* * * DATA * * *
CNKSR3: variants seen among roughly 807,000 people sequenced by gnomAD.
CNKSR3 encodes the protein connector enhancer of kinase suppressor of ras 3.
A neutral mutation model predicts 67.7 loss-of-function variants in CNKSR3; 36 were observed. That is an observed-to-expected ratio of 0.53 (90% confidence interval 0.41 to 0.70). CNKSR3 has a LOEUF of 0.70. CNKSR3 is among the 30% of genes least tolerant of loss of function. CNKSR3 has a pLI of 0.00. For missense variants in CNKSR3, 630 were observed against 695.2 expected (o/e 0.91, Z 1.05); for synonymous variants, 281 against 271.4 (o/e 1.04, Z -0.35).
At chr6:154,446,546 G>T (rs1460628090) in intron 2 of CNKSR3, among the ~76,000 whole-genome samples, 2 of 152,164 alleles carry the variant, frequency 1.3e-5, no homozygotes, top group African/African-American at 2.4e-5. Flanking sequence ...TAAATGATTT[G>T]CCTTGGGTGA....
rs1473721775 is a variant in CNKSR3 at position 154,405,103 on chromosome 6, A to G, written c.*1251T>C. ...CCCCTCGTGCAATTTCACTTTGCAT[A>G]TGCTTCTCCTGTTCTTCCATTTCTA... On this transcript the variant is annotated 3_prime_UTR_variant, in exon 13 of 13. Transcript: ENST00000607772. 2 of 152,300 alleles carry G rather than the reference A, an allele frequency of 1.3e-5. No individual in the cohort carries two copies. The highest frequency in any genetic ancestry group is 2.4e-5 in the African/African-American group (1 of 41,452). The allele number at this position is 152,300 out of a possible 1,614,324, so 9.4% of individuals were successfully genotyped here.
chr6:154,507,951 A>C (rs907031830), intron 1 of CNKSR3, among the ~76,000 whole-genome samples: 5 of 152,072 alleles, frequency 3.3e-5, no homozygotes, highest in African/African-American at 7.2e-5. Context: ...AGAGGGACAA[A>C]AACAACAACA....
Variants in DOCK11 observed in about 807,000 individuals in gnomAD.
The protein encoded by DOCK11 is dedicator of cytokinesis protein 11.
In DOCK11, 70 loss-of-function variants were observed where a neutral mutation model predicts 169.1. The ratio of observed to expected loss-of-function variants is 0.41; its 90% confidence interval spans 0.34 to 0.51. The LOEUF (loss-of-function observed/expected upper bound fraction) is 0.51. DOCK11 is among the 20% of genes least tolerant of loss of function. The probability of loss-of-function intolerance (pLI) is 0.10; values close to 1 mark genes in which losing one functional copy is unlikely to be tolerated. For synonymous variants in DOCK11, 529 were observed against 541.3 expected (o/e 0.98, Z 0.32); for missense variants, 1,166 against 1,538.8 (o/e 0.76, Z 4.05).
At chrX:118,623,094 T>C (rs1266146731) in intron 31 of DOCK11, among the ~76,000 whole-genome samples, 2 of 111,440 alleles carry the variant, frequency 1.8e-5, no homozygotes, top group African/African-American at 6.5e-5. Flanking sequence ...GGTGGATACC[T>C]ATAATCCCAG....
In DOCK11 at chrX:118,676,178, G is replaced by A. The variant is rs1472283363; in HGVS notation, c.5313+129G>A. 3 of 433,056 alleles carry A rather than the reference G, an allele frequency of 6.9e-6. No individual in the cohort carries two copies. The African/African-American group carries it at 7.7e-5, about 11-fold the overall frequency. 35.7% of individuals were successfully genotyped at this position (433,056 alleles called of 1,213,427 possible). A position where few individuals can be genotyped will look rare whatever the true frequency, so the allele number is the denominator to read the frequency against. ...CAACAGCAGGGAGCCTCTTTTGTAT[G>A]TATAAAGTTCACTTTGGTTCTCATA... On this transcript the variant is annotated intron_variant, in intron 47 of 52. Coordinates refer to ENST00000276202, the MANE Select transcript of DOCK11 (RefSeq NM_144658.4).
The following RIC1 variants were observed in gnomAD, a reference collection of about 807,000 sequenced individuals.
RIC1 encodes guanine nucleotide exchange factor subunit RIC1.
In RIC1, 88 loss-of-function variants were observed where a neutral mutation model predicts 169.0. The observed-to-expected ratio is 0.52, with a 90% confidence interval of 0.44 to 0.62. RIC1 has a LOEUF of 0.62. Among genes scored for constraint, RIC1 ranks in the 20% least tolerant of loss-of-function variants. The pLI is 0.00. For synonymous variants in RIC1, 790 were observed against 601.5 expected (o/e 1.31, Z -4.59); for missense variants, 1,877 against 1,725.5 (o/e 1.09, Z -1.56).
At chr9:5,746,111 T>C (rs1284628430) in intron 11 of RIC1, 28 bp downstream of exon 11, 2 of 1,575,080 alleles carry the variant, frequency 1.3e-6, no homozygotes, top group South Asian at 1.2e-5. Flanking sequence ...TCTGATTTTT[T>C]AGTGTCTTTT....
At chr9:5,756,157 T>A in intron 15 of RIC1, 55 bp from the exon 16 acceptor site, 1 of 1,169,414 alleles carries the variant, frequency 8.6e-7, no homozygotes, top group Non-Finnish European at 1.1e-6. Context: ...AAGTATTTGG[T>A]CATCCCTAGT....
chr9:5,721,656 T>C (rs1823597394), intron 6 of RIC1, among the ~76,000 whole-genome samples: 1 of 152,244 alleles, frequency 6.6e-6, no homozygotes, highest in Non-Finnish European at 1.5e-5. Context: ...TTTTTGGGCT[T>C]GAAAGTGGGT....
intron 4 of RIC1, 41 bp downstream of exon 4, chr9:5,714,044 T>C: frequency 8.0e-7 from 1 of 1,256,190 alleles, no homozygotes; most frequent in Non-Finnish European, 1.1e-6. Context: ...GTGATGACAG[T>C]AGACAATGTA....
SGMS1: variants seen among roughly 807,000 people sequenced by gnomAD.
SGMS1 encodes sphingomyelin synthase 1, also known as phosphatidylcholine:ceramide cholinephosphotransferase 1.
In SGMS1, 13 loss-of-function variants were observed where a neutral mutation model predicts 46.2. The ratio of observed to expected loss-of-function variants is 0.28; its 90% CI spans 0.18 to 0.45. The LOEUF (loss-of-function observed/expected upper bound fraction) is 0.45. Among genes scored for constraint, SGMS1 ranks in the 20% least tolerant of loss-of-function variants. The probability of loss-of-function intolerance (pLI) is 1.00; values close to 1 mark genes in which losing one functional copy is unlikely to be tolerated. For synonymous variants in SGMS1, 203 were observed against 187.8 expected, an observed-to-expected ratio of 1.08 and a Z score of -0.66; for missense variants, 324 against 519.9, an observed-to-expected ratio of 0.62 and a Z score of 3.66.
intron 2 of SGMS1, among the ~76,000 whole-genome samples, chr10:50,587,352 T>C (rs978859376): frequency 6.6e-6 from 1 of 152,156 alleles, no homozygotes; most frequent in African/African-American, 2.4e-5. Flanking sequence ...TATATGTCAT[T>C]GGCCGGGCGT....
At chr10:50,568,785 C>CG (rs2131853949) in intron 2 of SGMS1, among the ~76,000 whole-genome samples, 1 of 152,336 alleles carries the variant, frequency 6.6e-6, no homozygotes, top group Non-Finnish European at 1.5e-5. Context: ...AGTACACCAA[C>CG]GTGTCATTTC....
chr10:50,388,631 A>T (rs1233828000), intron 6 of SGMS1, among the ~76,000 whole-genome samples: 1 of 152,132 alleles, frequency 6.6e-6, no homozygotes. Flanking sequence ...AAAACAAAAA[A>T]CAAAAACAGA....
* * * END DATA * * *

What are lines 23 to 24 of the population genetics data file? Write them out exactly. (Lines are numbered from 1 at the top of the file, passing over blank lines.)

At chr10:50,568,785 C>CG (rs2131853949) in intron 2 of SGMS1, among the ~76,000 whole-genome samples, 1 of 152,336 alleles carries the variant, frequency 6.6e-6, no homozygotes, top group Non-Finnish European at 1.5e-5. Context: ...AGTACACCAA[C>CG]GTGTCATTTC....
chr10:50,388,631 A>T (rs1233828000), intron 6 of SGMS1, among the ~76,000 whole-genome samples: 1 of 152,132 alleles, frequency 6.6e-6, no homozygotes. Flanking sequence ...AAAACAAAAA[A>T]CAAAAACAGA....